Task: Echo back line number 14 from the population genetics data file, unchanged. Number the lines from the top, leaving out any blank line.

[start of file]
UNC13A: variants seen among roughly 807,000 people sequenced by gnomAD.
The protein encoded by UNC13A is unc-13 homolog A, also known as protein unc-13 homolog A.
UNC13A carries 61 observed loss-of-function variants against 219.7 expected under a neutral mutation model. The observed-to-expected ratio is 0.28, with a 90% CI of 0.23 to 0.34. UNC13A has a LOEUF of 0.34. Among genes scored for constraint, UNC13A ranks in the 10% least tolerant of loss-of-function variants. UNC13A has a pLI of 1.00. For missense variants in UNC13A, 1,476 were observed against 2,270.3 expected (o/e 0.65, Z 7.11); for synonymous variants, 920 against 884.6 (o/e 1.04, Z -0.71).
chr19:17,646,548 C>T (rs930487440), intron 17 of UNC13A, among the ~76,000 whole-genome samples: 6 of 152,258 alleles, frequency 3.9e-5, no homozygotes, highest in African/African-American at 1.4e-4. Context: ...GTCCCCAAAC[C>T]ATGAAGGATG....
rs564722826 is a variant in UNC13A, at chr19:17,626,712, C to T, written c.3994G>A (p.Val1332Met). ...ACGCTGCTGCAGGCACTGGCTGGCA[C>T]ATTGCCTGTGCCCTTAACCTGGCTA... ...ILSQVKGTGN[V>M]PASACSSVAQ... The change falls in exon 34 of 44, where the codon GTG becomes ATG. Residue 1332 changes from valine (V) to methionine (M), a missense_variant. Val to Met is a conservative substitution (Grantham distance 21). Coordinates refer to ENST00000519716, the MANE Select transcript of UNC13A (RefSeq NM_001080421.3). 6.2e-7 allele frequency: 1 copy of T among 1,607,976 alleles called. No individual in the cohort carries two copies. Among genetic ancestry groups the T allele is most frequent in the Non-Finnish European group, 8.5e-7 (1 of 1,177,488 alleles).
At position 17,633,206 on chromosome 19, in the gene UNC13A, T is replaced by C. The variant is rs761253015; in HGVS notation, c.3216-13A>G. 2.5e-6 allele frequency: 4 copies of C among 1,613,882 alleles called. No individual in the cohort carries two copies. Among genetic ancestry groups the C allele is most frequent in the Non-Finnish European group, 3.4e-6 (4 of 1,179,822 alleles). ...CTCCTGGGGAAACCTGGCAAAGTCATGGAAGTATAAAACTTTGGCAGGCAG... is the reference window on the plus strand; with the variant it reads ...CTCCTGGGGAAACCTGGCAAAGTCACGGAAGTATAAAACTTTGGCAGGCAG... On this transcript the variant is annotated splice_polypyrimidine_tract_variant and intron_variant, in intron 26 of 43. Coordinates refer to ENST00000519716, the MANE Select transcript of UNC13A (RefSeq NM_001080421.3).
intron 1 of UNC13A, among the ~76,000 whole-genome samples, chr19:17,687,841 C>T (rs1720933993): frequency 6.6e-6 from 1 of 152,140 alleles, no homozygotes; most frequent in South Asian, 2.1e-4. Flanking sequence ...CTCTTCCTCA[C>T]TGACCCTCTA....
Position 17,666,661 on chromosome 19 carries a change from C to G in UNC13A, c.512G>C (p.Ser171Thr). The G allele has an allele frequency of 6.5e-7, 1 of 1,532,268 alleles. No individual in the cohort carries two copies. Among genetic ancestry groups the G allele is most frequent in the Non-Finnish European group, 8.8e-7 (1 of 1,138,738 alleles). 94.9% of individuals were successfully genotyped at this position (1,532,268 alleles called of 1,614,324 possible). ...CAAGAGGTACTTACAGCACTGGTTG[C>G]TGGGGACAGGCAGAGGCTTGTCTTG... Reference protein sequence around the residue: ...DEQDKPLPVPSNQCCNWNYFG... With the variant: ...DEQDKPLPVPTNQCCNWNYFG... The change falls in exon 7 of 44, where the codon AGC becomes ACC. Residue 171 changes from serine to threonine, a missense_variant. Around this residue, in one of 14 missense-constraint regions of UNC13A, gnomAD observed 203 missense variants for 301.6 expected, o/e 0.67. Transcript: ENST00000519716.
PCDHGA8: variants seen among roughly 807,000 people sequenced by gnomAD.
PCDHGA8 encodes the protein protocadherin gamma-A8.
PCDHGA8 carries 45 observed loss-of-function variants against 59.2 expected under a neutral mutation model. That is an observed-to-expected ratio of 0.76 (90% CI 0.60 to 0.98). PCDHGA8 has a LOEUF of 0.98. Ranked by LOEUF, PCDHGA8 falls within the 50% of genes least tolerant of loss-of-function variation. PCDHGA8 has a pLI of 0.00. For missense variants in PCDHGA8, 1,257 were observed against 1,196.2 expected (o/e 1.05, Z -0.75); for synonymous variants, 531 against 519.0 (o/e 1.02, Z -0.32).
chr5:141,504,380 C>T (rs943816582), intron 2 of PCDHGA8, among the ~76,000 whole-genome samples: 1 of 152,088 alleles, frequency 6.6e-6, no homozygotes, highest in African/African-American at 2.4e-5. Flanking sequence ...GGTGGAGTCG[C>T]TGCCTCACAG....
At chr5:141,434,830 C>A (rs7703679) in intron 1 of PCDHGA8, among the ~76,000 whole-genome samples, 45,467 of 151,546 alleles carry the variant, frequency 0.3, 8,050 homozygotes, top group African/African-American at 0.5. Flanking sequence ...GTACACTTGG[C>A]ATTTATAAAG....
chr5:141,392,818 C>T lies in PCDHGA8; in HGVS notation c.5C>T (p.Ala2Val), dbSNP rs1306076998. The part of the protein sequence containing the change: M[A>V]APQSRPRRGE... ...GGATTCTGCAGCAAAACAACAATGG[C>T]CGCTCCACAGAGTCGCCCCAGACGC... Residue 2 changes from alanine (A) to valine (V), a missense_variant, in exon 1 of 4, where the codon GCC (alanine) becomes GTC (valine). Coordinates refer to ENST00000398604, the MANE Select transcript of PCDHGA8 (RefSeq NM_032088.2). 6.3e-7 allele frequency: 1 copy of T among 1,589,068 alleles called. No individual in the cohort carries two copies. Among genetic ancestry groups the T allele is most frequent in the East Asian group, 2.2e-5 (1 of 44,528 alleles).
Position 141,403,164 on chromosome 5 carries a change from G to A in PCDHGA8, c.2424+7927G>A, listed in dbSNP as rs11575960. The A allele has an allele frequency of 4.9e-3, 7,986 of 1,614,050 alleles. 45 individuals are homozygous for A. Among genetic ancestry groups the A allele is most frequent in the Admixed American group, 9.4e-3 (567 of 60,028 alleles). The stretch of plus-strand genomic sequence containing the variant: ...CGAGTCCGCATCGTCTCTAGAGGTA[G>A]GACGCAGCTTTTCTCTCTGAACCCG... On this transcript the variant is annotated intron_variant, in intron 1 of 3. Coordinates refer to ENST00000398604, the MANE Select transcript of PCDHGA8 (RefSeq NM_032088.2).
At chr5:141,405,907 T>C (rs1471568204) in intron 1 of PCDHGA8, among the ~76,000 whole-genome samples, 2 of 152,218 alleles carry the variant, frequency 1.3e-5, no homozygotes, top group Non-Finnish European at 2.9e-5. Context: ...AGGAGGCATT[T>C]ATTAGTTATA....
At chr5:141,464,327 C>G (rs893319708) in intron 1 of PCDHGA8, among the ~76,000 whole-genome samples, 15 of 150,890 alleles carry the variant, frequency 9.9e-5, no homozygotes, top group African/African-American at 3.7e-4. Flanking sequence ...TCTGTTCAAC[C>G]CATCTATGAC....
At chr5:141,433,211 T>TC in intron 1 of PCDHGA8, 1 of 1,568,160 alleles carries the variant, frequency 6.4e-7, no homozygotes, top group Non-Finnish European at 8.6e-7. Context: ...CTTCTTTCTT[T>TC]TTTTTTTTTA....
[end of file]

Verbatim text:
chr5:141,392,818 C>T lies in PCDHGA8; in HGVS notation c.5C>T (p.Ala2Val), dbSNP rs1306076998. The part of the protein sequence containing the change: M[A>V]APQSRPRRGE... ...GGATTCTGCAGCAAAACAACAATGG[C>T]CGCTCCACAGAGTCGCCCCAGACGC... Residue 2 changes from alanine (A) to valine (V), a missense_variant, in exon 1 of 4, where the codon GCC (alanine) becomes GTC (valine). Coordinates refer to ENST00000398604, the MANE Select transcript of PCDHGA8 (RefSeq NM_032088.2). 6.3e-7 allele frequency: 1 copy of T among 1,589,068 alleles called. No individual in the cohort carries two copies. Among genetic ancestry groups the T allele is most frequent in the East Asian group, 2.2e-5 (1 of 44,528 alleles).